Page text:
This photo courtesy of Willliam Stock, no relation. A chance encounter. Visit his blog here.
Charles Stock is an icon of microcruising, in a very different way than say, the Dyes. He and his 16'6" gaff cutter Shoal Waters have cruised over 70,000 miles, probably more like 80,000 by now, primarily in his home waters, the Norfolk Broads. Estuary, rivers, creeks, and urban environs all explored and enjoyed in this little boat he rebuilt,to his own design, from the hull up in 1963. As Charles himself puts it " Over 70,000 nautical miles have been made good from Maldon between Whitby, Ostend and the Solent". But Charles has been cruising the Broads for even longer, first in another boat he bought shortly after the war. He has been content with shorter cruises, weekends and holidays, with 70 to 80 miles 'made good'. Proving that one needen't look further than their own backyard for adventure. He has in common with the Dyes a minimalist approach to cruising, keep it simple. Small boat, practical rig, no mechanical propulsion. Britain, after all, is an island, and it's middle class has been no less immune to the lure of yachting than it's elite. Postwar Britain saw a surge in the pursuit of small boat cruising, encouraged by the writings of Maurice Griffiths and Francis B. Cooke, to name two who influenced Charles. He's an excellent writer and has published some 60 odd articles in various magazines in addition to his three books. His website is voluminous and one could spend days consuming all thats there. One has. A sample:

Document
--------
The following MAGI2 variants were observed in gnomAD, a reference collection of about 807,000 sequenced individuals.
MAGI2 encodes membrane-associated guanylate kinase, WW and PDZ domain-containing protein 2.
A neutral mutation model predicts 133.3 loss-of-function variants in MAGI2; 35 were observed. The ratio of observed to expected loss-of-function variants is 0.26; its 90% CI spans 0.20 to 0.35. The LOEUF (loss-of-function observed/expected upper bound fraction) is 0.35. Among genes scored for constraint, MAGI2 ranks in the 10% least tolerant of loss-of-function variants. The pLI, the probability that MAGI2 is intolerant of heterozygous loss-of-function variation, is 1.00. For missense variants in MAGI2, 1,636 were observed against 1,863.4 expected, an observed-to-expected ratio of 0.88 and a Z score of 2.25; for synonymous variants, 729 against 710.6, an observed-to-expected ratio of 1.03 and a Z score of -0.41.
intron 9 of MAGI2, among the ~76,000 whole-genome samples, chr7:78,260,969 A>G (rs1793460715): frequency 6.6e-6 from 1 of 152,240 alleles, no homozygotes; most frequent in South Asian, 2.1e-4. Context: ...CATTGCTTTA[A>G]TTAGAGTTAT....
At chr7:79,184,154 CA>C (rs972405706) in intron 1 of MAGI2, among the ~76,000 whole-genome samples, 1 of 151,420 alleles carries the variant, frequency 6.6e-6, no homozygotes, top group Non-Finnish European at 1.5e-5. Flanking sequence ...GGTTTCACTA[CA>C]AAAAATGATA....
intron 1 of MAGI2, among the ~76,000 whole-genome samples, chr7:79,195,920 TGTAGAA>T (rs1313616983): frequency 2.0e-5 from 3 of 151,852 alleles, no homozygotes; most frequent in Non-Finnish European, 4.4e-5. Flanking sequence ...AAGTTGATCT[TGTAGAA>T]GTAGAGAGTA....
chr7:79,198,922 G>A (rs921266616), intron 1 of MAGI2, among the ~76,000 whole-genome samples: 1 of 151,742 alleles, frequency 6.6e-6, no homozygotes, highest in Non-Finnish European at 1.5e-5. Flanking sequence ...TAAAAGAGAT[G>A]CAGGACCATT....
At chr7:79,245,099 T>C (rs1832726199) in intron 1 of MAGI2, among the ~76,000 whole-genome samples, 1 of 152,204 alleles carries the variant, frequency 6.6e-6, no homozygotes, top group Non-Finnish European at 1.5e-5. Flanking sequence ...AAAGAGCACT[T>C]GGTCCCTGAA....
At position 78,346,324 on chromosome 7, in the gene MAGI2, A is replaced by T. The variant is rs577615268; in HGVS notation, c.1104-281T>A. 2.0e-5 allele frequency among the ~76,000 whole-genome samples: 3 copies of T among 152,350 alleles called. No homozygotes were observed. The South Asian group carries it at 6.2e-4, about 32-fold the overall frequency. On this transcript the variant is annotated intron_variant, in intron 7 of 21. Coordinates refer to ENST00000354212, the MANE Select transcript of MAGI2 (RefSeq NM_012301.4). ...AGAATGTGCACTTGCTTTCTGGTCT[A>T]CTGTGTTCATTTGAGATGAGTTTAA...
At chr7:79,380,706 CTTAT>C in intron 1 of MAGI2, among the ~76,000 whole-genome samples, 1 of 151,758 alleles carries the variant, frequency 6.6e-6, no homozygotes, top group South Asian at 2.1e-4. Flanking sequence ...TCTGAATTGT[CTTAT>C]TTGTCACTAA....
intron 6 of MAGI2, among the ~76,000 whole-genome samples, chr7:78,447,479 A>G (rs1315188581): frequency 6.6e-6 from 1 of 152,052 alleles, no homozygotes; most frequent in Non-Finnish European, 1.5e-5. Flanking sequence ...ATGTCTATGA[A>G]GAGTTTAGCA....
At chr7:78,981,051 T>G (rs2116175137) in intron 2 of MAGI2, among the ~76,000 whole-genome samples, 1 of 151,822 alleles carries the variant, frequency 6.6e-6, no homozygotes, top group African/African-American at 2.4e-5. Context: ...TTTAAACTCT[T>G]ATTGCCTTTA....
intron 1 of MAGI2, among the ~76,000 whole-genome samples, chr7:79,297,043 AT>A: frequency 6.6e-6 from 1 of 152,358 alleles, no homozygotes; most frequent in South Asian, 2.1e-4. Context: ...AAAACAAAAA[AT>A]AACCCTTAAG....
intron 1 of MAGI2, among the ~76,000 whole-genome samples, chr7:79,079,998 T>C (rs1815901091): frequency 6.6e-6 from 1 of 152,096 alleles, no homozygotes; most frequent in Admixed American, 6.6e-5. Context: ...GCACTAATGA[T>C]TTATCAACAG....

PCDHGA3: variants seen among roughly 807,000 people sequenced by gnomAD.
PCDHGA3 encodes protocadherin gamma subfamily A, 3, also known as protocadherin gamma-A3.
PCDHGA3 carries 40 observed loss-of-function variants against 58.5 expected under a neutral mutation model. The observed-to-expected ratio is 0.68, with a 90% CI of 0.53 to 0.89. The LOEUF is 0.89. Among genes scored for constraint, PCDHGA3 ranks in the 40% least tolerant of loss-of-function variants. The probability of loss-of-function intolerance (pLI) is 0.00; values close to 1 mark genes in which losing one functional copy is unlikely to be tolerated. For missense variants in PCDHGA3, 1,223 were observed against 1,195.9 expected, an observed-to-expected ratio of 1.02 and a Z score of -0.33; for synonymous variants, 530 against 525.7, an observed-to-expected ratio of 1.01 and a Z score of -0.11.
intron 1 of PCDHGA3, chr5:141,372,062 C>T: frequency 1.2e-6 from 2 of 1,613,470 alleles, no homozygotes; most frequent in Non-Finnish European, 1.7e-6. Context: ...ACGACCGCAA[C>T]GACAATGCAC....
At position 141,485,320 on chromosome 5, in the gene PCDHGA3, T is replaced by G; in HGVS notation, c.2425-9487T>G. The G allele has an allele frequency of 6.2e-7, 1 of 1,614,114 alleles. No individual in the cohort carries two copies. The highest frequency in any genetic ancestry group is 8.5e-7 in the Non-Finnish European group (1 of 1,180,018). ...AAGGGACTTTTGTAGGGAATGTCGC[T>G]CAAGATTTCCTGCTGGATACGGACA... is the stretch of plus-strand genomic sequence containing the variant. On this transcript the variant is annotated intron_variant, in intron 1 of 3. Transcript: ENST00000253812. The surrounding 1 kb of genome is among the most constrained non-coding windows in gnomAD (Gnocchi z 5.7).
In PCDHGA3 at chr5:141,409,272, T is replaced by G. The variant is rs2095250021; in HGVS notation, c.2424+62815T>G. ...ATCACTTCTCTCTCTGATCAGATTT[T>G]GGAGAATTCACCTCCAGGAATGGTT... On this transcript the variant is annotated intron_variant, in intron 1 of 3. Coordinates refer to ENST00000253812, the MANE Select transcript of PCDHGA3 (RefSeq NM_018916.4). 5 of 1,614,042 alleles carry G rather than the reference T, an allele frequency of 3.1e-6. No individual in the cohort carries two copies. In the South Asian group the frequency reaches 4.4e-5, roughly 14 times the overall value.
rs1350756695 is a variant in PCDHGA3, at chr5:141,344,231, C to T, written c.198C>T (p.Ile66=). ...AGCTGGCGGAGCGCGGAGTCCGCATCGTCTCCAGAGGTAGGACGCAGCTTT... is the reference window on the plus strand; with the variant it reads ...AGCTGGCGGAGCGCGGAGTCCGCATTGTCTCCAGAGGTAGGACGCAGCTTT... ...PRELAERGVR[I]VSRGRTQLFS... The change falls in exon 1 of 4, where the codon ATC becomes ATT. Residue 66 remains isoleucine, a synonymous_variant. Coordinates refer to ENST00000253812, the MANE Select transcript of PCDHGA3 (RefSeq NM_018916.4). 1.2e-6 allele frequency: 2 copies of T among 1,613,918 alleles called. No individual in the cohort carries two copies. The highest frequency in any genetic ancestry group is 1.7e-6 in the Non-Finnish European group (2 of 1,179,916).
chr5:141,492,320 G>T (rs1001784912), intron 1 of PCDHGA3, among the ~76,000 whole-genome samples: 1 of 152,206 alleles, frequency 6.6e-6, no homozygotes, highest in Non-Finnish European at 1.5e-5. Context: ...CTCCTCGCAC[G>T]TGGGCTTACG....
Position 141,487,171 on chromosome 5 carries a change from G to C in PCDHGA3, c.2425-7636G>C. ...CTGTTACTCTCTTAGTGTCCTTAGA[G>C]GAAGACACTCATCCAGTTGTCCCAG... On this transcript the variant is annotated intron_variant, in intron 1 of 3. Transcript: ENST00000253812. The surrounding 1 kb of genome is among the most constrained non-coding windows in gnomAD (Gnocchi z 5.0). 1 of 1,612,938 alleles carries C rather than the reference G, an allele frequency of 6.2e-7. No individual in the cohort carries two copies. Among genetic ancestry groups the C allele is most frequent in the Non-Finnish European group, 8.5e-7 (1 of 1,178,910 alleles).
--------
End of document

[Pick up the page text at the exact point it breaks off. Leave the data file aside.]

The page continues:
"The sheer joy of a little ship wooing the winds to travel over the waves is reward enough in itself, but the small boat sailor on the restless waters of the Thames Estuary gets an almost unlimited bonus from the backcloth against which he sails. Not for him the endless lonely days of sea and sky of the ocean traveller. Hour by hour and enthralling panorama of fauna, flora, trade ancient and modern, relics of wars fought yesterday and a thousand years ago, maritime architecture from St Peter's on the Wall circa 675 AD, to the modern power station at the Isle of Grain and the most enduring of all, sea defenses from ancient grass banks long since breached, to today's massive Woolwich Barrier, unfolds before him."
Photos courtesy Charles and Chris Stock with the one exception noted above.